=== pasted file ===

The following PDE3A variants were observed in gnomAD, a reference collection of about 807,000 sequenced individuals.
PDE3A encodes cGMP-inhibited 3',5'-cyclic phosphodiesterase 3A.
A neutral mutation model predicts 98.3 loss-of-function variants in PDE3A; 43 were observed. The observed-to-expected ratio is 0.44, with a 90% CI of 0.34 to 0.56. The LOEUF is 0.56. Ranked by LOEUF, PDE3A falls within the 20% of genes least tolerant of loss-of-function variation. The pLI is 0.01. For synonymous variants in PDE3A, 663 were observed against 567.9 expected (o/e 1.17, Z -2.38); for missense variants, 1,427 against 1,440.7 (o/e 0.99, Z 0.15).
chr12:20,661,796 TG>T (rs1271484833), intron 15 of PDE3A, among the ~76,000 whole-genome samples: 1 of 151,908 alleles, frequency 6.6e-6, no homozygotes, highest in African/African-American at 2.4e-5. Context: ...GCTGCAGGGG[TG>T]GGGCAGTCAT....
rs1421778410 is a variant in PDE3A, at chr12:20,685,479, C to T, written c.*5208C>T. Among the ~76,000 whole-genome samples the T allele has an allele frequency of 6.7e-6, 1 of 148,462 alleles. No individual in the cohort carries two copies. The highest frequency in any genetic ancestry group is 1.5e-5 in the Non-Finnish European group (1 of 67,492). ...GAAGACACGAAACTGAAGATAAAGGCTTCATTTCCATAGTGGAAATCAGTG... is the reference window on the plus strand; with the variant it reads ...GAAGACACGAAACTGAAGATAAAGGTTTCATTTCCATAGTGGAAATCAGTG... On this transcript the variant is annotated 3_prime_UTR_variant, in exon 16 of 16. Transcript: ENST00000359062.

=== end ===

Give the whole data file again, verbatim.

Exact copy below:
The following PDE3A variants were observed in gnomAD, a reference collection of about 807,000 sequenced individuals.
PDE3A encodes cGMP-inhibited 3',5'-cyclic phosphodiesterase 3A.
A neutral mutation model predicts 98.3 loss-of-function variants in PDE3A; 43 were observed. The observed-to-expected ratio is 0.44, with a 90% CI of 0.34 to 0.56. The LOEUF is 0.56. Ranked by LOEUF, PDE3A falls within the 20% of genes least tolerant of loss-of-function variation. The pLI is 0.01. For synonymous variants in PDE3A, 663 were observed against 567.9 expected (o/e 1.17, Z -2.38); for missense variants, 1,427 against 1,440.7 (o/e 0.99, Z 0.15).
chr12:20,661,796 TG>T (rs1271484833), intron 15 of PDE3A, among the ~76,000 whole-genome samples: 1 of 151,908 alleles, frequency 6.6e-6, no homozygotes, highest in African/African-American at 2.4e-5. Context: ...GCTGCAGGGG[TG>T]GGGCAGTCAT....
rs1421778410 is a variant in PDE3A, at chr12:20,685,479, C to T, written c.*5208C>T. Among the ~76,000 whole-genome samples the T allele has an allele frequency of 6.7e-6, 1 of 148,462 alleles. No individual in the cohort carries two copies. The highest frequency in any genetic ancestry group is 1.5e-5 in the Non-Finnish European group (1 of 67,492). ...GAAGACACGAAACTGAAGATAAAGGCTTCATTTCCATAGTGGAAATCAGTG... is the reference window on the plus strand; with the variant it reads ...GAAGACACGAAACTGAAGATAAAGGTTTCATTTCCATAGTGGAAATCAGTG... On this transcript the variant is annotated 3_prime_UTR_variant, in exon 16 of 16. Transcript: ENST00000359062.